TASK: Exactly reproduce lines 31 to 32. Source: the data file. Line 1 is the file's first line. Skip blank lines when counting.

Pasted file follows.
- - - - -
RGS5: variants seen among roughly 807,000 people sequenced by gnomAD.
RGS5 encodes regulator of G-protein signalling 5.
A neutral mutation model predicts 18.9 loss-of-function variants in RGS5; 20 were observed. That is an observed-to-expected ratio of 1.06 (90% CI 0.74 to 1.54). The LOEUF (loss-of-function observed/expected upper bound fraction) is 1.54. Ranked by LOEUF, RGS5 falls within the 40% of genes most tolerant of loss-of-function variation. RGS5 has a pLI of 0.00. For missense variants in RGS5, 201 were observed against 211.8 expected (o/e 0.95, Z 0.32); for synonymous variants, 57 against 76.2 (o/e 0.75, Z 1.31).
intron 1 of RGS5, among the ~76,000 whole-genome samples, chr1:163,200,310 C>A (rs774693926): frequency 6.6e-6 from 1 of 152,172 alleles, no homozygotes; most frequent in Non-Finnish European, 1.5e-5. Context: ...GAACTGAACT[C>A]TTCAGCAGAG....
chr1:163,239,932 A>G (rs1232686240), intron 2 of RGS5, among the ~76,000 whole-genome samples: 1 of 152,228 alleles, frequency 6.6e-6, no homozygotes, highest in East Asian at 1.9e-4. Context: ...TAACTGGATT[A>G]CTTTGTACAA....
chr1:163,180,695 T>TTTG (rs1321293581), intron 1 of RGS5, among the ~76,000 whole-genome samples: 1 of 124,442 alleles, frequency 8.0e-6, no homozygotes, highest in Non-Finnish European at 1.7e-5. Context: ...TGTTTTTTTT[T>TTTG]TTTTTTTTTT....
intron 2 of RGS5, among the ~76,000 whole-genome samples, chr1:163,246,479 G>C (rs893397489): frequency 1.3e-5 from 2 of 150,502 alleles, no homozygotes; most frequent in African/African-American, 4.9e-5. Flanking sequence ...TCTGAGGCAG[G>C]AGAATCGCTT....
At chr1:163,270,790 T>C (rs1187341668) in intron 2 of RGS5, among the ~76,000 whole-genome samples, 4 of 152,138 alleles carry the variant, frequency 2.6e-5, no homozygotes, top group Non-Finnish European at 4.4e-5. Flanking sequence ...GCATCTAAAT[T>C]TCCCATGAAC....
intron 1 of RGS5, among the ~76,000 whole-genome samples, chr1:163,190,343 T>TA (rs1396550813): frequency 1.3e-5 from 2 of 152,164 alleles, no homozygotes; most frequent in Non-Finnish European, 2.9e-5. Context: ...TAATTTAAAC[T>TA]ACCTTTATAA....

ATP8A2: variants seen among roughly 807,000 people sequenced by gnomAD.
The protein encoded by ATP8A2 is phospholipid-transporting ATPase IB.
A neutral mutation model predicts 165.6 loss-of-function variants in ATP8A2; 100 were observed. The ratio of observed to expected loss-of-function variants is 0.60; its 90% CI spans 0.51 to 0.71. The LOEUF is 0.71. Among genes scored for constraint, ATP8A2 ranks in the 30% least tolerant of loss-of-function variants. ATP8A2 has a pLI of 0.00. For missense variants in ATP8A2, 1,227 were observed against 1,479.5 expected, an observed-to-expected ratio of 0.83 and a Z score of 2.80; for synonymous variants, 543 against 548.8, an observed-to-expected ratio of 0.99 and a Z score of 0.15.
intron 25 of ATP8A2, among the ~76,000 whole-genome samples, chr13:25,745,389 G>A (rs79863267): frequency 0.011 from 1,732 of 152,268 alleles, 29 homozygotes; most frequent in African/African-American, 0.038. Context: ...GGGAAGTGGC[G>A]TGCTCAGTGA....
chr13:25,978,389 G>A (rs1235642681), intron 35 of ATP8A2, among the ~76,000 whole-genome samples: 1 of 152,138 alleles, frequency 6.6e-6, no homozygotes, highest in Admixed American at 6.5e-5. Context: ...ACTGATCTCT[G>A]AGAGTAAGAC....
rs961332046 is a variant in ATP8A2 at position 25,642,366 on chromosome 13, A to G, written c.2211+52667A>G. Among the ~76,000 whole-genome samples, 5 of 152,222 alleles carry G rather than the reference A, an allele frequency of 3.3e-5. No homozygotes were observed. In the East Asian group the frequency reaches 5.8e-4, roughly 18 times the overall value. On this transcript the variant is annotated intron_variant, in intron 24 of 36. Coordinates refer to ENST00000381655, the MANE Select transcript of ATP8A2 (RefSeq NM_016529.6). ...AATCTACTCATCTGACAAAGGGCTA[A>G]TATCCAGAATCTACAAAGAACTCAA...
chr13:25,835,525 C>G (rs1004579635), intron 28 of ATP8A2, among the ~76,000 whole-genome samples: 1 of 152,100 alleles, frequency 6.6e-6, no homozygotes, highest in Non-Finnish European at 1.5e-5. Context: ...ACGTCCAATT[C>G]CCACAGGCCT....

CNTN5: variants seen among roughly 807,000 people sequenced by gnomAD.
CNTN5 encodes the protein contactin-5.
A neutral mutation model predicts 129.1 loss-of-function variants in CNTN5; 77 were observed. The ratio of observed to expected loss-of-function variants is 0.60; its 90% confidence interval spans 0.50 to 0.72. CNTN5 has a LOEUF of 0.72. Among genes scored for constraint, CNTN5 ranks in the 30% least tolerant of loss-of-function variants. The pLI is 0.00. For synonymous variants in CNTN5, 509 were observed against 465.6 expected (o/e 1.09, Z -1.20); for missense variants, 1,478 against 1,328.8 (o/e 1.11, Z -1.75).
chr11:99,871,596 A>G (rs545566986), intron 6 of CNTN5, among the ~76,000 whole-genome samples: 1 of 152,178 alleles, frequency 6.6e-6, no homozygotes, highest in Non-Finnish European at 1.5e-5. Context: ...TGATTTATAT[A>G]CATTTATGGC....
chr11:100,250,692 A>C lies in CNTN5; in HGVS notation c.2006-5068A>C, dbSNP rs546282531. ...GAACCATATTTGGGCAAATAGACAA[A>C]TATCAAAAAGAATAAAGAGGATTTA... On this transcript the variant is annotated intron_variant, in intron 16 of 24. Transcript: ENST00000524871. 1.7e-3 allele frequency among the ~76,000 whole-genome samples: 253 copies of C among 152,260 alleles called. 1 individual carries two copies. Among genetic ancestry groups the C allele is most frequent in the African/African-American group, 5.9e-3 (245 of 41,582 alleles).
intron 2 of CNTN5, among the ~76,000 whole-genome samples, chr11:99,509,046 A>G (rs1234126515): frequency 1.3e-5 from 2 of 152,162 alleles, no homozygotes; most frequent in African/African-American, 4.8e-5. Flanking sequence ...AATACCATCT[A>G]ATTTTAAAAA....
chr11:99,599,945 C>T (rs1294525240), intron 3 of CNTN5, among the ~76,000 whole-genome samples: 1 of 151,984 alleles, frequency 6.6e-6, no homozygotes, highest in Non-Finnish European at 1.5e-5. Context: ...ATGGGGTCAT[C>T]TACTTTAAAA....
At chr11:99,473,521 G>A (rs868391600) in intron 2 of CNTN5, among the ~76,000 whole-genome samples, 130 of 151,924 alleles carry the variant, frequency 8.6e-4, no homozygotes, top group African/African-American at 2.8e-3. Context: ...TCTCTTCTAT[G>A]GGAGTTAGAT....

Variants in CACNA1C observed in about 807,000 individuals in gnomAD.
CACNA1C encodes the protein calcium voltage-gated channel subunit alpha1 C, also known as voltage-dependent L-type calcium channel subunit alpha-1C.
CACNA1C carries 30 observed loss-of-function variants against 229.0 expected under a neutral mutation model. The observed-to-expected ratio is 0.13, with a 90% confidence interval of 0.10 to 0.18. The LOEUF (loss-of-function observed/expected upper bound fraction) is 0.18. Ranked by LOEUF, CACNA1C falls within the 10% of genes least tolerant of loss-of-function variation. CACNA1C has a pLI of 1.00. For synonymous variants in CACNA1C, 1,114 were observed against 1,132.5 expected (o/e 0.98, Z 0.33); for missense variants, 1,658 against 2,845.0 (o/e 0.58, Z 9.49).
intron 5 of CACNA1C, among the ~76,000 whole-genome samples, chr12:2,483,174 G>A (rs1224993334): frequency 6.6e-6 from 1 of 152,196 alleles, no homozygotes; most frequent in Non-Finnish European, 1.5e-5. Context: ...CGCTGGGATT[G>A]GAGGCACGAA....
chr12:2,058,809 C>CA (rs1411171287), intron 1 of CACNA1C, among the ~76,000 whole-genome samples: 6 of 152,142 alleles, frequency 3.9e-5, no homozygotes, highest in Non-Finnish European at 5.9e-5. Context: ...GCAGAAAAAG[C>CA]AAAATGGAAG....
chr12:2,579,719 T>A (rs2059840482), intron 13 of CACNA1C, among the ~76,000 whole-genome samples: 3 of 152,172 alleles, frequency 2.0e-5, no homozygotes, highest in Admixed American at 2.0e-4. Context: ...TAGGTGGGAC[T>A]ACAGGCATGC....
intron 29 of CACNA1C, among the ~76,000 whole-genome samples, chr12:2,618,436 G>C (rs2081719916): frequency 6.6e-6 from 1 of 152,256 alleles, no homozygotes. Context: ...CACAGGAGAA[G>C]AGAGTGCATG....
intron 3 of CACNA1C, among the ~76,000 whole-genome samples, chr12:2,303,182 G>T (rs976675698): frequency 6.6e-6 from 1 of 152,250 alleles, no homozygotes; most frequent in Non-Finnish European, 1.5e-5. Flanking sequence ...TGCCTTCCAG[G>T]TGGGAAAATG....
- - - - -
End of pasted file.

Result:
intron 29 of CACNA1C, among the ~76,000 whole-genome samples, chr12:2,618,436 G>C (rs2081719916): frequency 6.6e-6 from 1 of 152,256 alleles, no homozygotes. Context: ...CACAGGAGAA[G>C]AGAGTGCATG....
intron 3 of CACNA1C, among the ~76,000 whole-genome samples, chr12:2,303,182 G>T (rs976675698): frequency 6.6e-6 from 1 of 152,250 alleles, no homozygotes; most frequent in Non-Finnish European, 1.5e-5. Flanking sequence ...TGCCTTCCAG[G>T]TGGGAAAATG....